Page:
Focussed Leadership

A Review on Competency Skill Mapping of Customer-Focussed Leadership

Written By, Dr. Annjaan Daash || Dr. Prabir Pal || Dr. S. Pragadeeswaran

Annjaan Daash: Training and Placement Head, Regional College of Management, Bhubaneswar, Odisha; Research Scholar at Annamalai University, Annamalai Nagar, T.N., India

Dr. Prabir Pal: Chairman, Regional College of Management, Bhubaneswar, Odisha

Dr. S. Pragadeeswaran: Department of Business Administration, Annamalai University, Annamalai Nagar, T.N., India


The main aim of this paper is to critically evaluate leadership competencies based on an extensive review of the literature and focus group discussion on selected firms in the Health sector. Besides, the study outlines the core competencies and sub-competencies for leadership management.

A viable competency management system mainly facilitates an ecosystem for continuous performance, improving the consistency of standards and providing scope for improving skill and abilities and tracking the outcomes and developments within an Organisation. The competency mapping needs to be evolving in order to build required capabilities and address emerging challenges.

One should invest in an organisation taking into account factors like understanding the business and leadership team of the organisation. This abundantly demonstrates the importance of Leadership Development for an organization’s competitive advantage.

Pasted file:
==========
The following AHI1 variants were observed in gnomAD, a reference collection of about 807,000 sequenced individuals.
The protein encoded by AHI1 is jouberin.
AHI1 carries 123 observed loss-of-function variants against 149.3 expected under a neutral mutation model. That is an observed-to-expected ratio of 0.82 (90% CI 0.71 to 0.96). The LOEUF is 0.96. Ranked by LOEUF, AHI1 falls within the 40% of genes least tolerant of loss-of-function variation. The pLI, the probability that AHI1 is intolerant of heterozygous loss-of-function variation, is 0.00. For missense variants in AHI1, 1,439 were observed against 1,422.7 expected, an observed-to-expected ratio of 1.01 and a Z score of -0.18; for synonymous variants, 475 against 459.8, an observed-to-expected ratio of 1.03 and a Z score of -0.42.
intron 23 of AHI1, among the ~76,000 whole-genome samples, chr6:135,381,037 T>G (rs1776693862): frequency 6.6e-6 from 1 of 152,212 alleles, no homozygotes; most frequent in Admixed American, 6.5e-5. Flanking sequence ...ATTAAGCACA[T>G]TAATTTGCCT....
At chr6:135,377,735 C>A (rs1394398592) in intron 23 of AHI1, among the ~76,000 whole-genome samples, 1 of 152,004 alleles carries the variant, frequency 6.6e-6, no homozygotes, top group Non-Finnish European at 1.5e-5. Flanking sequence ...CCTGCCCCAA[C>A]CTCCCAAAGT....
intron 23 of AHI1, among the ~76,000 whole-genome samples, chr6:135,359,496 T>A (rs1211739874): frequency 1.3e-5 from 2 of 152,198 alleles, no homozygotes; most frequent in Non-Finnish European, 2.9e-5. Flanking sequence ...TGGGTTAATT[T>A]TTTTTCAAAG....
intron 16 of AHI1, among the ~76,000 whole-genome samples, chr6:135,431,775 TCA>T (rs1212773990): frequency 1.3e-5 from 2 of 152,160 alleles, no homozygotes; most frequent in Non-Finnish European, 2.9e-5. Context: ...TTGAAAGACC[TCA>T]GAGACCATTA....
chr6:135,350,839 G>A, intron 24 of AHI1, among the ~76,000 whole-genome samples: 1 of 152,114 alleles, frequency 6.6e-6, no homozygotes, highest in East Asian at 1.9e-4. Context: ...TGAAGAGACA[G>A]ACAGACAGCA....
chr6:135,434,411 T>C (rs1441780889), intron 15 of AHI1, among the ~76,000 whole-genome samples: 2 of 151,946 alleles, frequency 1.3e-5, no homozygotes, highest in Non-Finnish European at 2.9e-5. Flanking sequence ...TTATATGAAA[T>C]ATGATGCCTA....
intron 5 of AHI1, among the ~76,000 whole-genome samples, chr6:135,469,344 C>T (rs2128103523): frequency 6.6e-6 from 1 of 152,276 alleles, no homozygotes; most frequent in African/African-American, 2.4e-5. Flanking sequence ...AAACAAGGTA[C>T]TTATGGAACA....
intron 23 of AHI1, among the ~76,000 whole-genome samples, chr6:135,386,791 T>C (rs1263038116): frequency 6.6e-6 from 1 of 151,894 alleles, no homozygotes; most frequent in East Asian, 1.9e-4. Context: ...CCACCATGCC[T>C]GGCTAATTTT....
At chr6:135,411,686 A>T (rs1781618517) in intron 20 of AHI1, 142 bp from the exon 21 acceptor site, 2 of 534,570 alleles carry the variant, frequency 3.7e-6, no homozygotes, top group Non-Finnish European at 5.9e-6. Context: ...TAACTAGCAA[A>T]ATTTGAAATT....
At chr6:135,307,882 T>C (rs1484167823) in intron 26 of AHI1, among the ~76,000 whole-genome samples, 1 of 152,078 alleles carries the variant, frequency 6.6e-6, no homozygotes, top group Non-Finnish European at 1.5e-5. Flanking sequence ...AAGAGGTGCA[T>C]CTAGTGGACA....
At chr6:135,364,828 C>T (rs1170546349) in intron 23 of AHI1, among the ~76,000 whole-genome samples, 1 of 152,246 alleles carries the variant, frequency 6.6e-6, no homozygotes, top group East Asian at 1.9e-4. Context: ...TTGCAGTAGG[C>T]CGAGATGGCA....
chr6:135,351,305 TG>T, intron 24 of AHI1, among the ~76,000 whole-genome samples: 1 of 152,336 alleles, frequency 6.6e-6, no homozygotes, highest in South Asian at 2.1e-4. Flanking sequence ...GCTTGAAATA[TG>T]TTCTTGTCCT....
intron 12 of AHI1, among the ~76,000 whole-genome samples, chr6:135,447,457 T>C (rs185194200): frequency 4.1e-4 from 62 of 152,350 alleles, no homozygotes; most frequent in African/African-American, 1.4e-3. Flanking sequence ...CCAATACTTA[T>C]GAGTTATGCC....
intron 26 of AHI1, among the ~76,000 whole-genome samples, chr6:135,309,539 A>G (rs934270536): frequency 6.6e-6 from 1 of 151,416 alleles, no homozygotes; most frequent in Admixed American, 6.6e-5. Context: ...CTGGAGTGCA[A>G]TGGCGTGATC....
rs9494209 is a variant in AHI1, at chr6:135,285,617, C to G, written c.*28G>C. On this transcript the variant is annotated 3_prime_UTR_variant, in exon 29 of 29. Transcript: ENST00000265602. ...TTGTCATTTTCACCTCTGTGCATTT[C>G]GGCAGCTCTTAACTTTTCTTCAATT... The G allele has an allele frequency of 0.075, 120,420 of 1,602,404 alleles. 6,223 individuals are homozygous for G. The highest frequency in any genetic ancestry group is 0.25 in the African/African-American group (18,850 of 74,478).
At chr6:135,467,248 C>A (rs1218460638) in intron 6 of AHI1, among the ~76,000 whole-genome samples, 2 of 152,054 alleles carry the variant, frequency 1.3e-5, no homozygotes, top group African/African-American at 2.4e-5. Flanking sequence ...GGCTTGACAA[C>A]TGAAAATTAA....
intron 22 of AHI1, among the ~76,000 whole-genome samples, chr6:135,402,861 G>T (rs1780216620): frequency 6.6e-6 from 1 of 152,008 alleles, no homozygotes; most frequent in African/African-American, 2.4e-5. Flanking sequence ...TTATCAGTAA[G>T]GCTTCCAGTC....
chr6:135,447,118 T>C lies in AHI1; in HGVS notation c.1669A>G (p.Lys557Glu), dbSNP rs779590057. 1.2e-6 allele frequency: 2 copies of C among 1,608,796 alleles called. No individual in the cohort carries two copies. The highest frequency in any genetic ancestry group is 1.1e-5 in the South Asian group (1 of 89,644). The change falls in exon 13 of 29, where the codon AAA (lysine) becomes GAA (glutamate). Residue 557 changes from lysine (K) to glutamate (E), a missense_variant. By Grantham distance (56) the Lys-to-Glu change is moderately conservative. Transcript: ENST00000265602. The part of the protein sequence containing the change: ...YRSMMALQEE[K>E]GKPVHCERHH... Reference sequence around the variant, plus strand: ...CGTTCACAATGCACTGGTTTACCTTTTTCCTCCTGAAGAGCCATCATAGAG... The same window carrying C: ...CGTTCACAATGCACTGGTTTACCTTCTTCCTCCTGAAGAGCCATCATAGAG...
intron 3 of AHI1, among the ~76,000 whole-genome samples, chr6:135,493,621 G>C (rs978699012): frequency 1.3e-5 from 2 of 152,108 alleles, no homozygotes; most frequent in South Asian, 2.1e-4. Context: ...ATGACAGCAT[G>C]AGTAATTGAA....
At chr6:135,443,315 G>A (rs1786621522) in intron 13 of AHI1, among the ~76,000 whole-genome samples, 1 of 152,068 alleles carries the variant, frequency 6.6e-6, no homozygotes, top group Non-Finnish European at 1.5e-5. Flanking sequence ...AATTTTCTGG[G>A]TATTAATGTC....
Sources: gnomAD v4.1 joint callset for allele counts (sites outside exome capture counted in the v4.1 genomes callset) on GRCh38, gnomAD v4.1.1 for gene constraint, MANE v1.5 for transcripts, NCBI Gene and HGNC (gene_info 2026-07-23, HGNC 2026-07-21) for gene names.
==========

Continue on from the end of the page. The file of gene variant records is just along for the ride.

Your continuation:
Most organisations on the contrary invest monumental amounts for the leadership development program but fail to achieve results. There is a decline in performances in both experienced and promising newcomers. Tottering programs and haphazard solutions are not fruitful.

As an amendment, a competency-based leadership development process where critical behavioral descriptors connect what the organization stands for and clearly portray staged expectations based on the maturity of an employee and give a structured model for preparing a development directory for each behavioral descriptor. In conclusion, valued inputs and reflections of a large number of hard-core professionals have come to the forefront.

Keywords- Competency management system, competency directory, Leadership development

1. Introduction

Theodore Levitt in a 1960, HBR article Marketing Myopia said “These days organisations are customer created and customer satisfying organisms and winning at market place is giving customers enough reasons to choose”. In this regard, it is important to analyse competencies for customer focussed leadership.

In a knowledge-based competitive economy, every organization needs to assess the competency of their workforce and take measures to develop them on a regular basis. Competent employees are valued resources and they take the Organization forward leading to success.

McClelland (1973) stated that “competence” in tradition, is “a personal trait or set of habits that lead to more effective or superior job performance”. In simple terms, it adds to the enhancement of the ability of a person and economic value to his efforts in the job.